3 Ways You Can Learn To Stop Setting Yourself Up For Disappointment
Disappointment is that familiar feeling in your gut. It's that sinking feeling that makes you want to quit the day, curl up in bed and start “Grey's Anatomy” over for the fourth time, instead of being a functioning adult.
I do that a lot. When you're disappointed with your own life, nothing feels better than watching a lot of doctors' lives fall into a lot of trouble that pales in comparison to your own.
Maybe I'm on the show's fifth season because I've been feeling especially disappointed with reality lately. Everything feels like it's been coming up short of my expectations.
In the past week, disappointment has been my best friend. My teacher wouldn't let me turn in my final essay, despite my printer actually dying on me the moment I needed it the most. Printers are notorious for letting me down.
I had been looking forward to plans with a friend for weeks, only for said friend to cancel on me the day before. This morning, someone stole the bike I've had for six years from its locked rack.
It's been one of those weeks. Well, one of those months, really.
We all have times like these. We don't get the job. Our love is unrequited. We miss out on an opportunity. Our hearts get hurt.
Maybe one day, I'll look back and see that all those things were pretty mundane in the grand scheme of things. I'll still pass the class. I can buy another bike.
Like my dad always says, “Will it really matter in a month? A year?” Probably not. Absolutely not.
But in the moment, they matter a great deal. They consumed my mind.
When I'm disappointed — and I'm sure you can relate too — I try to place the blame on something else in my life. It could be God, someone else or even the universe.
Some days, the universe feels like a big, mean bully who steals my lunch money and makes fun of me. I feel powerless against it. I find myself saying things like, “The world hates me.”
In fact, I say this all the time. But in reality, it's not out to get me. I know that, but it feels easier to cast out the blame. This way, I can make sense of the world, and why it hurts so badly to be alive sometimes.
But the thing is, there is no one to blame. Sure, you can find fault in your friend when he or she forgets you had plans. You can find fault in yourself when you did something you really shouldn't have.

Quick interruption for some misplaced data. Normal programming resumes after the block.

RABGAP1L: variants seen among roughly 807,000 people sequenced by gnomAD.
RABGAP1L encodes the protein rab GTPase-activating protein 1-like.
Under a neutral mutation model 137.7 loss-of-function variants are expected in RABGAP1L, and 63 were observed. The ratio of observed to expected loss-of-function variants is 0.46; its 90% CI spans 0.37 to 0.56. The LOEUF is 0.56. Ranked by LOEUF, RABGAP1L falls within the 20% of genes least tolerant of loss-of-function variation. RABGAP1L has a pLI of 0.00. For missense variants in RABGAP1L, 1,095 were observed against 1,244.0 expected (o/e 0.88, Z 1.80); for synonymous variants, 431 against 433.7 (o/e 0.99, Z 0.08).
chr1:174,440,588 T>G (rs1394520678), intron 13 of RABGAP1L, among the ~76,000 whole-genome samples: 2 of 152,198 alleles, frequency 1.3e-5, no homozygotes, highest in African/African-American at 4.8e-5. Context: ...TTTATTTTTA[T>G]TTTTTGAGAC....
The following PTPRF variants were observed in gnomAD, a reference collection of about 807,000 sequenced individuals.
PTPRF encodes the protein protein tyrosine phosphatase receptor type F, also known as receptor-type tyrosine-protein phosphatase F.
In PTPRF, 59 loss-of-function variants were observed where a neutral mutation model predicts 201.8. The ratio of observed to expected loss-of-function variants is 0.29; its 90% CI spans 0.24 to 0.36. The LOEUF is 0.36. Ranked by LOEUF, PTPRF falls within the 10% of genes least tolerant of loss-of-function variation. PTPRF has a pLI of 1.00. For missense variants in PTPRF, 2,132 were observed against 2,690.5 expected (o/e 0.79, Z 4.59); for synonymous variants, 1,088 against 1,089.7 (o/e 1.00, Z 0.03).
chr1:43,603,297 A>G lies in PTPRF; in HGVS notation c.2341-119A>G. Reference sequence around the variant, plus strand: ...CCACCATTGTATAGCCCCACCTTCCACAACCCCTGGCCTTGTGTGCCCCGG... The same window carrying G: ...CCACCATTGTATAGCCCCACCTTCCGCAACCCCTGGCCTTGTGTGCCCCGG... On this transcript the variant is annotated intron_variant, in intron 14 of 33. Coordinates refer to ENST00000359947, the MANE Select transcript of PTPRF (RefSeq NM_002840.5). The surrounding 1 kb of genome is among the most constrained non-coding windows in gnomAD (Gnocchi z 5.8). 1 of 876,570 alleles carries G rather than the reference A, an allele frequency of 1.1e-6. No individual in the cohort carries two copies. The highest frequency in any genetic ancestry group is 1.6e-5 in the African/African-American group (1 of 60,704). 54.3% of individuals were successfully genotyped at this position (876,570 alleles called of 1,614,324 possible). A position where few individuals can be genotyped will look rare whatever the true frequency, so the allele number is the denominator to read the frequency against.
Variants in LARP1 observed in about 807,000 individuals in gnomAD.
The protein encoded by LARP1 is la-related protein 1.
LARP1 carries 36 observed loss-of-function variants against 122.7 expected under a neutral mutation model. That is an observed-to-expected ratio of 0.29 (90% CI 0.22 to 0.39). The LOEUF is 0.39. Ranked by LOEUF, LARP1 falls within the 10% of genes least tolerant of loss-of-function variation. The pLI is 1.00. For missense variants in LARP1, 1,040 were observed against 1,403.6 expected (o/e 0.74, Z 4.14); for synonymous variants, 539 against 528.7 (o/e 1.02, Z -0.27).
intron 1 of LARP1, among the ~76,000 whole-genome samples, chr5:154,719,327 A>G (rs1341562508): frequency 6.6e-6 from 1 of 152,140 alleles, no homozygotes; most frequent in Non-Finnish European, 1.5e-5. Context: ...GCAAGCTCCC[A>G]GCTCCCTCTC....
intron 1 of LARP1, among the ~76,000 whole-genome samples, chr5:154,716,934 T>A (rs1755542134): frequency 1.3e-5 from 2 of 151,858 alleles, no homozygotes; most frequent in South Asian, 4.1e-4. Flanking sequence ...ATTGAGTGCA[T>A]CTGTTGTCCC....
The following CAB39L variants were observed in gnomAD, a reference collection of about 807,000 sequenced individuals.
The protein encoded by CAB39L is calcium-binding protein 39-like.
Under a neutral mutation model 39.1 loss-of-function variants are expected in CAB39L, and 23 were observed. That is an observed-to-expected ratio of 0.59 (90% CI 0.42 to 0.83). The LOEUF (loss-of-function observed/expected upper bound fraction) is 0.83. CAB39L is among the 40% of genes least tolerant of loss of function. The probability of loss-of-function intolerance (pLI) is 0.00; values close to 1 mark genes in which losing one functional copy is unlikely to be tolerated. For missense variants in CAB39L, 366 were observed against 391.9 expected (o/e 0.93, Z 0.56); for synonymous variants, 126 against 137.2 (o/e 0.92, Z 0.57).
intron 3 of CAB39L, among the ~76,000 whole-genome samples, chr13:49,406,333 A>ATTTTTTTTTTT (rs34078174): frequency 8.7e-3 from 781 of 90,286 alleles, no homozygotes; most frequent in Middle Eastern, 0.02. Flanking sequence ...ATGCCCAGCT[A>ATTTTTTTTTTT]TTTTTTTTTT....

But that's what it means to be human. Humanity is imperfect: gravely so. With that comes mistakes.
We will never get rid of that sinking feeling if we can't learn to see ourselves for who we are. Sometimes, that means doing a few things that feel uncomfortable at first. Here are three ways I try to handle my disappointment in a healthy way:
1. Think about it.
So, something disappointing happens. You feel a wave of emotion. It'll be strong and overwhelming.
I've found people react to disappointment in two different ways. They either block out the emotion and don't feel anything at all, or they dwell in negativity for way too long.
It's not healthy to ignore your emotions, but it's also unhealthy to let them take over. Give yourself a set amount of time to sulk in your disappointment.
Set the clock for 20 minutes to an hour. Grab the wine and get in a good cry. But when that alarm goes off, your time is up. It's important to find a balance between working through emotion and not letting it affect you.
2. Don't think about it.
When that time is up, the dwellers have a hard time. I'm a dweller myself. Sometimes, I let that clock run for days.
Like I said, I started “Grey's Anatomy” over for the fourth time. But it's important that you distract yourself and find reminders that things will not always be this way.
I like to grab a blanket and go lay in the park. Nature has this incredible power to heal us.
Call a friend, read a book or go for a run. Make your mind think about other things, even when you don't think you can. This will ease the hurt faster and help you move on.
3. Let it go.
Disappointment is one of the hardest things to let go of. This is especially true when it's out of your control, or when your heart was so set on something that didn't end up happening.
People let things go on different timelines, and in different ways. No two hearts are the same. To learn how to truly let go and move on, you'll just have to experiment.
You'll most likely get a lot of practice because life is unpredictable. Humans are just along for the ride. But when you can let go of the things you can't control and forgive the things that hurt you, happiness and contentment naturally come next.
I had a particularly disappointing week. I'm not perfect, and I definitely haven't mastered how to handle disappointment.
I called my dad for reassurance. He said, “A lot of life is beautiful and unbelievably great. But a lot of it is also dirty and messy, even painful. You just have to try to stay even through it all, and not get too high or too low. Keep pulling through. Pretty soon, something amazing will happen, and you'll be able to see that life is actually pretty cool.”
So, there you go. My dad said it best: Life is pretty cool.
Stay balanced. Try to reason with yourself, and remember that life is full of surprises. An amazing one is bound to occur soon. You just have to hold on until it does.
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